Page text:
So...I thought I would attempt a Green Man wood burning instead. I can pick this up more easily and do it a bit at a time. I found an image off the net that I liked......I couldn't find the name of the artist though.


    I've also always liked the following Green Man poem.


    I am the stirring in the spring
    Leaves of green and sap for blood
    Misty folklore memory
    I am the glimpse in the autumn wood
    You've carved my face in wood and stone
    And I look down upon your prayers and song
    But though I dwell in your halls and churches
    Its in the wild free woodland that I belong.



    Anyhow.....all this waffling brings me to the end product. A green man burning on a 30cm by 20 cm beech chopping board.


  • OK.....it's been a stressful week....and when the stress kicks in I turn to wood burning to settle my mind a bit.


    So here's a couple of items that I've done this week.


    Ash walking stick made from a strange shaped sapling that was growing in the wrong place in my mums garden. It had been cut off before and grown up again leaving a useful shape that once turned upside down made a great walking stick and the funny shaped end is really comfortable in the hand and stops your hand slipping. It still needs varnishing. the flower vine pattern has just been free drawn on there, then burnt on.


    Whilst the one in your mum's garden might have been accidental, similar shaping of living trees has been used in manufacturing for a long time. Basically if you can grow wood into a shape it is much stronger than having to make joints in separate pieces. E.G. you can use the bows as a very strong natural structural arch. So for furniture making and structures such as ship and house building people practiced this technique, manipulating growing wood for things which required thicknesses too big to bend safely by steaming.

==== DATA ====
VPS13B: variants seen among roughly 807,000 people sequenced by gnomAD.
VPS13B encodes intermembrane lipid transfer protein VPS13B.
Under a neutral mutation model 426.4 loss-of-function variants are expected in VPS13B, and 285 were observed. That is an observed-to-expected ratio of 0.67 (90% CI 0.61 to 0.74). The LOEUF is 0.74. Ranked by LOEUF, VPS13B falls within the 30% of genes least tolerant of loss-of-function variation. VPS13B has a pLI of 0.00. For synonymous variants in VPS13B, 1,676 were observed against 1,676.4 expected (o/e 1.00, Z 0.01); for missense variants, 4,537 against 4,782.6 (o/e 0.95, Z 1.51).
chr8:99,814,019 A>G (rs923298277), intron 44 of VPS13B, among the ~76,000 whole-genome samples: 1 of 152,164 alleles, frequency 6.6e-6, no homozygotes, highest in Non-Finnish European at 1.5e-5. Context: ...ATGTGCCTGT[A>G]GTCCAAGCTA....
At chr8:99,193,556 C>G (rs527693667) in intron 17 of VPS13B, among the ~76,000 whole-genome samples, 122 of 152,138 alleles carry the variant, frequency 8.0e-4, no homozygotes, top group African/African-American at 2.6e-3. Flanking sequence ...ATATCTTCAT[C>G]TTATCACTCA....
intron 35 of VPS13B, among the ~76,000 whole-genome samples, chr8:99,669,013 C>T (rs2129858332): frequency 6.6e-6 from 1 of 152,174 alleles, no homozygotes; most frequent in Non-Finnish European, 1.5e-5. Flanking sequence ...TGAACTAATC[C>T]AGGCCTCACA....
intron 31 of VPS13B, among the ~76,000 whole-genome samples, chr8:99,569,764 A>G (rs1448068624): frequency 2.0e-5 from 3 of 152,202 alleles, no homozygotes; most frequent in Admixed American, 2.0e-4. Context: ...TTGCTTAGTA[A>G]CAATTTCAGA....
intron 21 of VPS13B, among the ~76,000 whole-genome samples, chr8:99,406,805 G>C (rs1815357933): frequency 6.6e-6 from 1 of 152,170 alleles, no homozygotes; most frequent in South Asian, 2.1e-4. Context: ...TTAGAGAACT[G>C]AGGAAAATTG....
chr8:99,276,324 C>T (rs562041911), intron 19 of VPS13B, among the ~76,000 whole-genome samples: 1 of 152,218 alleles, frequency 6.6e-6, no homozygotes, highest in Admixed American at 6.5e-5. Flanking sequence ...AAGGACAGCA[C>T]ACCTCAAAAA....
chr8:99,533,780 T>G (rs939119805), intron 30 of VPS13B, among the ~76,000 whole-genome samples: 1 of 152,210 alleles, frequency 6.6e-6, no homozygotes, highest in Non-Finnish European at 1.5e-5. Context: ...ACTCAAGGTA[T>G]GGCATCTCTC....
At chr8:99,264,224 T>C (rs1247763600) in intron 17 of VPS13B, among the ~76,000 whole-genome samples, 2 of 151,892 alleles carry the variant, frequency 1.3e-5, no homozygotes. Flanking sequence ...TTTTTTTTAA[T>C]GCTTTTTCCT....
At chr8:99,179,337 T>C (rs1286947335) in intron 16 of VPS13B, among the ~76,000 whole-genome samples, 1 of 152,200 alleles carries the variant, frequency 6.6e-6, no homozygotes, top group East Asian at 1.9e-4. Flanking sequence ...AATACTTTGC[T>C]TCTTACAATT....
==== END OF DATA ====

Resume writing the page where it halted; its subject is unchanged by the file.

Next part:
However it takes many years to wait for the trees to grow and you have to wait years to see how successful you were. For that reason and the development of laminated wood techniques it is not very well known and now is no longer considered for industry. These days tree shaping tends to be for artistic and sculptural purposes. (which look awesome imho)


    There is a town in Poland where there is a forest of trees like that, but of course it it is called "The Mysterious Forest" because it looks spooky and a name like that is more of tourist attraction. The original purpose of this particular forest has been lost because they were planted before WW2 and of course that region was severely affected by that. I did read once it was for furniture making which fits in with it being pine and the trees being laid out in rows rather than randomly scattered, but don't quote me as I cant verify the reference from years ago.


    Maybe you can convince your mum to re-discover this art and keep you supplied with cool shapes.



    Ian


    http://www.poland.travel/en/na…zywy-las-in-nowe-czarnowo

  • Ian.....I have grown a few basic curved walking sticks years ago, by bending over small Hazel branches and then waiting a few years! maybe I'll have to find somewhere to grow some more interesting shapes.



    anyhow....here's the latest little one. a face on a 7cm birch heart


  • I love the tree spirit/tree of life one, do you sell these?


    Thanks Sammy. I do sell these sometimes - The tree of life one a gave away to someone who I felt needed it more than me.


    Mainly they are done as a way of relieving stress. When I sit down to burn, the rest of the world melts away!


    But my sister sells wooden crafts on a stall in Glossop. Since I'm at the other end of the country in Hampshire, she sometimes picks up a few of my bits and takes them to sell, and I do take a few commissions when I have the time.